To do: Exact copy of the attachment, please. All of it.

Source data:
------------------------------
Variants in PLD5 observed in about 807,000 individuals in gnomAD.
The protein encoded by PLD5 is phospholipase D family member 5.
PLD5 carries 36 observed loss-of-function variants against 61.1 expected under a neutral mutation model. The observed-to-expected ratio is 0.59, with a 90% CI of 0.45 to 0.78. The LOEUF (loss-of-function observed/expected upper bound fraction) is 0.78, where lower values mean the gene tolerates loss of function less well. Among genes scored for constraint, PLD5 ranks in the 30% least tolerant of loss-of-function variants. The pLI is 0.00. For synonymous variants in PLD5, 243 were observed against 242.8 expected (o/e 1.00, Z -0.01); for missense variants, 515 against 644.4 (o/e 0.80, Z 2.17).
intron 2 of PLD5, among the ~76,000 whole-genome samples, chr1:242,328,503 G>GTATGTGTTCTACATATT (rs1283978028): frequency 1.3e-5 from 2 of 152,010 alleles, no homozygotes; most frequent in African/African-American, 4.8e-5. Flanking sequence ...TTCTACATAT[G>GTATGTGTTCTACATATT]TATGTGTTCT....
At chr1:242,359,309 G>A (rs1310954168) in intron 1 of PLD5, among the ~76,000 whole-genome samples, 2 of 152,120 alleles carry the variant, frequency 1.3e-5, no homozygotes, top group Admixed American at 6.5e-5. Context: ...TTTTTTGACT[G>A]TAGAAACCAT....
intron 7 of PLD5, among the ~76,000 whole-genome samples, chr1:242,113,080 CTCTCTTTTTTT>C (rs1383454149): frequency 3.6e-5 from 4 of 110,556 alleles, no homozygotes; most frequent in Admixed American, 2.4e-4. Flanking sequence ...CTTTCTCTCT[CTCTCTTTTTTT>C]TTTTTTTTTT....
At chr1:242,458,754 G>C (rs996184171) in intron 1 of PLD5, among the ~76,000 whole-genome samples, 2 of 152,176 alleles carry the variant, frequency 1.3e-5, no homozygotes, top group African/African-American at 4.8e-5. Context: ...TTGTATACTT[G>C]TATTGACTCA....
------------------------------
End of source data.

Variants in PLD5 observed in about 807,000 individuals in gnomAD.
The protein encoded by PLD5 is phospholipase D family member 5.
PLD5 carries 36 observed loss-of-function variants against 61.1 expected under a neutral mutation model. The observed-to-expected ratio is 0.59, with a 90% CI of 0.45 to 0.78. The LOEUF (loss-of-function observed/expected upper bound fraction) is 0.78, where lower values mean the gene tolerates loss of function less well. Among genes scored for constraint, PLD5 ranks in the 30% least tolerant of loss-of-function variants. The pLI is 0.00. For synonymous variants in PLD5, 243 were observed against 242.8 expected (o/e 1.00, Z -0.01); for missense variants, 515 against 644.4 (o/e 0.80, Z 2.17).
intron 2 of PLD5, among the ~76,000 whole-genome samples, chr1:242,328,503 G>GTATGTGTTCTACATATT (rs1283978028): frequency 1.3e-5 from 2 of 152,010 alleles, no homozygotes; most frequent in African/African-American, 4.8e-5. Flanking sequence ...TTCTACATAT[G>GTATGTGTTCTACATATT]TATGTGTTCT....
At chr1:242,359,309 G>A (rs1310954168) in intron 1 of PLD5, among the ~76,000 whole-genome samples, 2 of 152,120 alleles carry the variant, frequency 1.3e-5, no homozygotes, top group Admixed American at 6.5e-5. Context: ...TTTTTTGACT[G>A]TAGAAACCAT....
intron 7 of PLD5, among the ~76,000 whole-genome samples, chr1:242,113,080 CTCTCTTTTTTT>C (rs1383454149): frequency 3.6e-5 from 4 of 110,556 alleles, no homozygotes; most frequent in Admixed American, 2.4e-4. Flanking sequence ...CTTTCTCTCT[CTCTCTTTTTTT>C]TTTTTTTTTT....
At chr1:242,458,754 G>C (rs996184171) in intron 1 of PLD5, among the ~76,000 whole-genome samples, 2 of 152,176 alleles carry the variant, frequency 1.3e-5, no homozygotes, top group African/African-American at 4.8e-5. Context: ...TTGTATACTT[G>C]TATTGACTCA....